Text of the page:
Saturday, November 26, 2005

The Truth About Torture?

Charles Krauthammer has become one of my favorite opinion journalists. Even when I don't agree with him, his articles are marked by clarity and concision. It is refreshing to read consistently careful reasoning.

To date I haven't commented on this blog about the ethics of torture. I suppose that some would regard the issue as extremely simple for a Christian: torture is always wrong--everywhere, for all people, in all situations. But I'm not so certain the issue is this black-and-white.

I have read a number of articles now on the issue, and--in my opinion--none is as clear and as helpful as Krauthammer's new essay for The Weekly Standard.

Krauthammer begins with some analytic distinctions. "For the purpose of torture and prisoner maltreatment, there are three kinds of war prisoners: First, there is the ordinary soldier caught on the field of battle.... Second, there is the captured terrorist.... Third, there is the terrorist with information."

With respect to the third category, Krauthammer writes:

Here the issue of torture gets complicated and the easy pieties don't so easily apply. Let's take the textbook case. Ethics 101: A terrorist has planted a nuclear bomb in New York City. It will go off in one hour. A million people will die. You capture the terrorist. He knows where it is. He's not talking.

Question: If you have the slightest belief that hanging this man by his thumbs will get you the information to save a million people, are you permitted to do it?

Now, on most issues regarding torture, I confess tentativeness and uncertainty. But on this issue, there can be no uncertainty: Not only is it permissible to hang this miscreant by his thumbs. It is a moral duty.

Then in the key paragraph of his essay, Krauthammer argues that the hypothetical establishes a principle, namely, that:

Torture is not always impermissible. However rare the cases, there are circumstances in which, by any rational moral calculus, torture not only would be permissible but would be required (to acquire life-saving information). And once you've established the principle, to paraphrase George Bernard Shaw, all that's left to haggle about is the price. In the case of torture, that means that the argument is not whether torture is ever permissible, but when--i.e., under what obviously stringent circumstances: how big, how imminent, how preventable the ticking time bomb.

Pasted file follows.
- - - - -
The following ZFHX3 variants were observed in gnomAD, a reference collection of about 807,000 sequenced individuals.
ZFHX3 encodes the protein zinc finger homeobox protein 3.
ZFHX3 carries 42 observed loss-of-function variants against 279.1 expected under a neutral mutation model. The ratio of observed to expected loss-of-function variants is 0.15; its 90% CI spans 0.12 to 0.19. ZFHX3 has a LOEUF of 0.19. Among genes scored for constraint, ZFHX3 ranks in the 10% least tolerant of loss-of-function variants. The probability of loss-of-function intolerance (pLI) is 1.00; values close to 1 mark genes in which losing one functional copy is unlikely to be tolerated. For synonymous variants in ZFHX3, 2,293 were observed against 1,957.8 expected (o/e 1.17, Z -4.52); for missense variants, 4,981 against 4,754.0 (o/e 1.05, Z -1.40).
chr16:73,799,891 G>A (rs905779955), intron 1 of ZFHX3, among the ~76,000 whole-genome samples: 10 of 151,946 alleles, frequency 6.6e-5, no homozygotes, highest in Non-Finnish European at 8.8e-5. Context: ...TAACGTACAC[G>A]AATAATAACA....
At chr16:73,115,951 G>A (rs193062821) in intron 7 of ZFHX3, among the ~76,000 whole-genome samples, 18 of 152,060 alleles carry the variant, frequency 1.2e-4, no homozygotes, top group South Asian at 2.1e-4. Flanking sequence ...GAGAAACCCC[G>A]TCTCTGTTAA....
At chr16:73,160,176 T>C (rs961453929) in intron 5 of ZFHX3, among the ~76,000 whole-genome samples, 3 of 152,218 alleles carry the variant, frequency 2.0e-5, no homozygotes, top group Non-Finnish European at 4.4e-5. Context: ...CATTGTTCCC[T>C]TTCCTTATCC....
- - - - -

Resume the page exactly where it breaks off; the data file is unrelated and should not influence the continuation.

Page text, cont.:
What then should be done? The McCain Amendment is well-intentioned but McCain's position is itself incoherent. (The amendment prohibits all forms of torture, no matter the circumstance. Yet McCain thinks it should be broken during a ticking time bomb scenario!) Krauthammer suggests a way to move forward:

Begin, as McCain does, by banning all forms of coercion or inhuman treatment by anyone serving in the military--an absolute ban on torture by all military personnel everywhere.

Outside the military, however, I would propose, contra McCain, a ban against all forms of torture, coercive interrogation, and inhuman treatment, except in two contingencies: (1) the ticking time bomb and (2) the slower-fuse high-level terrorist (such as KSM [Khalid Sheikh Mohammed]). Each contingency would have its own set of rules. In the case of the ticking time bomb, the rules would be relatively simple: Nothing rationally related to getting accurate information would be ruled out. The case of the high-value suspect with slow-fuse information is more complicated. The principle would be that the level of inhumanity of the measures used (moral honesty is essential here--we would be using measures that are by definition inhumane) would be proportional to the need and value of the information. Interrogators would be constrained to use the least inhumane treatment necessary relative to the magnitude and imminence of the evil being prevented and the importance of the knowledge being obtained.

In this blog post I've only been able to summarize some of the main points. I'd love to hear your thoughts on it. How should Christians think about torture? If you care to comment, I only ask that you read Krauthammer's full piece first.

Update: Here's one question to address as you ponder this issue: it seems to me that one cannot simply appeal to the idea that the ends do not justify the means. An example: you are walking by a gated pool, and unbeknownest to everyone else, there's a toddler drowning in the pool. A sign on the gate says that absolutely no non-members are allowed into the pool area. You're not a member, but you decide to hop the fence anyway to rescue you child. The end (saving the child) has justified the means (breaking the pool rules). I know it's a simple example, but it shows that saying "the ends don't justify the means" doesn't end the discussion.